Derailment spills coal in swamp
A train derailment early Tuesday spilled coal in the Great Dismal Swamp National Wildlife Refuge, causing moderate concern for wildlife and water quality in the refuge.
Refuge Director Chris Lowie said Wednesday that the derailment happened in Chesapeake, about three-quarters of a mile east of the Suffolk city line.
Thirty-six cars in a Norfolk Southern train carrying fine coal derailed, according to Norfolk Southern spokeswoman Stacey Hugo Mansfield.
“It basically accordioned them,” Lowie said. “There’s coal and metal and wheels and all kinds of stuff all over the place.”
Mansfield stated in an email that the derailment happened at 4:20 a.m. Tuesday. “The coal spill is confined to a relatively small area adjacent to (Norfolk Southern’s) tracks, and there is no impact to any major waterway,” she wrote in a Wednesday afternoon email.
“Norfolk Southern operations and environmental personnel are on-site working closely with the U.S. Fish and Wildlife Service, the U.S. Army Corps of Engineers, and the Virginia Department of Environmental Quality to coordinate cleanup efforts and develop an environmental restoration plan,” Mansfield continued.
“The cause of the derailment has not been determined and is under investigation at this time.”
Hundreds of species inhabit the refuge, including endangered ones like the red-cockaded woodpecker, for which a breeding program is under way, and more common animals like whitetail deer and black bear.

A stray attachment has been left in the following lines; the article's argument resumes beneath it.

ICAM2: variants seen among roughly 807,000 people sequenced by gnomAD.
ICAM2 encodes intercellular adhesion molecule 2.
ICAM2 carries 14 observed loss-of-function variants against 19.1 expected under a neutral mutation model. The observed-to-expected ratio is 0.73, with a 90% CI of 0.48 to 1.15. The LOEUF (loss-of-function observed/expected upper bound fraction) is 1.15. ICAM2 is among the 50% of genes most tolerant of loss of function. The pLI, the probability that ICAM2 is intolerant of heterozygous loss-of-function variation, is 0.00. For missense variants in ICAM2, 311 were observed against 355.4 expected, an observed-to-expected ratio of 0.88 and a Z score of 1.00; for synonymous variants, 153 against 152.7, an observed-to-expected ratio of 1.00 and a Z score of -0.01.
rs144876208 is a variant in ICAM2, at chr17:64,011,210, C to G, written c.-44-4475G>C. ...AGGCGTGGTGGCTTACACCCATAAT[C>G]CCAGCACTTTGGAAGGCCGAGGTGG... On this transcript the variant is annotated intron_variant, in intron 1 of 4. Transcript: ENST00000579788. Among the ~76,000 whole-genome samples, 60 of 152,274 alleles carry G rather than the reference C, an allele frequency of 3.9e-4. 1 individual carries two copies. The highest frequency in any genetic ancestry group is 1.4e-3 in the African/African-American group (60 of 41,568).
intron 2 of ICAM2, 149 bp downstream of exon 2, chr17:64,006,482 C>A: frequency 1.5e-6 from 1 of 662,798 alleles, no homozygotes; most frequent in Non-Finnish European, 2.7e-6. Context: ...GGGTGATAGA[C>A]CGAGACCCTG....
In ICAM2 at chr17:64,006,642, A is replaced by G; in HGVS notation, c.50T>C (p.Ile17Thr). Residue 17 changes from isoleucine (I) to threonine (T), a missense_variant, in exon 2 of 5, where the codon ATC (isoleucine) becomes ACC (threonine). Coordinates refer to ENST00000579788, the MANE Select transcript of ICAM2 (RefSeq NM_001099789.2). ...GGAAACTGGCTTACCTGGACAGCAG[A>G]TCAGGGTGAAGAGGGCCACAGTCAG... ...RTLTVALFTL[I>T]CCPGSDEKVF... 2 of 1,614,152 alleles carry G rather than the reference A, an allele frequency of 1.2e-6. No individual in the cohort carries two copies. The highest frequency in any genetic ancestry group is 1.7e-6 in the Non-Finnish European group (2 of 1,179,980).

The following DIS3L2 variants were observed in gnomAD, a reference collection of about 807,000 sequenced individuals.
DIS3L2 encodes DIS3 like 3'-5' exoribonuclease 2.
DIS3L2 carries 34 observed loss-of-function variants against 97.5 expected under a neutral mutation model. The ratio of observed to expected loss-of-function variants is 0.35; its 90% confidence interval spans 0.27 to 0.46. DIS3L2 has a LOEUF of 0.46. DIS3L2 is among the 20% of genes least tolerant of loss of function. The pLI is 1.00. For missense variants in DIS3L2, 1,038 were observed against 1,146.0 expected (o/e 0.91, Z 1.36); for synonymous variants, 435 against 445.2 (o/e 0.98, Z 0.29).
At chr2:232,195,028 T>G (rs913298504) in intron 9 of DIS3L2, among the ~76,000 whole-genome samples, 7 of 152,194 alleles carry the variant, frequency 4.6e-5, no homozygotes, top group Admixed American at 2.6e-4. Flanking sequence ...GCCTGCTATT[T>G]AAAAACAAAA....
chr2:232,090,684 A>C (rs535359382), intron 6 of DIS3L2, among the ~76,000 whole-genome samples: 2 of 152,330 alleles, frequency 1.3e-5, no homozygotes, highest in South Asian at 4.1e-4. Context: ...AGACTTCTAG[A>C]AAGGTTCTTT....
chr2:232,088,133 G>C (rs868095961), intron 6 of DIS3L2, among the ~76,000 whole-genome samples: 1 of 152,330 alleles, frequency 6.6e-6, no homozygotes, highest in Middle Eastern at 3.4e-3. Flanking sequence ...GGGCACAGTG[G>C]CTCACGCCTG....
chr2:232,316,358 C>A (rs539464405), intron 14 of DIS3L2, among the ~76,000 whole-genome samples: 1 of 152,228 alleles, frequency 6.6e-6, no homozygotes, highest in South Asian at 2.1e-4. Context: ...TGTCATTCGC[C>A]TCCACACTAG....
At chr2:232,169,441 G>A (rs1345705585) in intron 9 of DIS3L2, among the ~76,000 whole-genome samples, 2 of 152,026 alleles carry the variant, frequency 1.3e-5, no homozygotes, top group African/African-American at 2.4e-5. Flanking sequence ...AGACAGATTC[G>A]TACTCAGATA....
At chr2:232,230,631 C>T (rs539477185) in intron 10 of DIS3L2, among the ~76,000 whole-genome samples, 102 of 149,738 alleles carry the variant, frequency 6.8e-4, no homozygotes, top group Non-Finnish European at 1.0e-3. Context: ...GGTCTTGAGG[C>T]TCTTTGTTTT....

Lowie said there is “moderate concern” for the long-term impacts of the spill.
“Coal is not declared a hazardous material according to spill response, but our concern is … the low pH the swamp water has, it can draw those heavy metals out and they get in the surface water or the ground water.
“To what extent it will create a wildlife issue or a water issue, we don’t know until things get sampled and monitored and all that,” Lowie continued.
The good thing is that Lowie believes the ditch near the train tracks is not connected to the greater ditch network on the refuge.
“We feel it will remain fairly isolated. It’s not going to expand a great distance downstream through the ditch network,” he said.
Cleanup of the derailment already is under way.
“We’re working with them to get all the correct policies and procedures and permitting in place to do their work,” Lowie said. “They worked all night and got a lot of the track cleared.”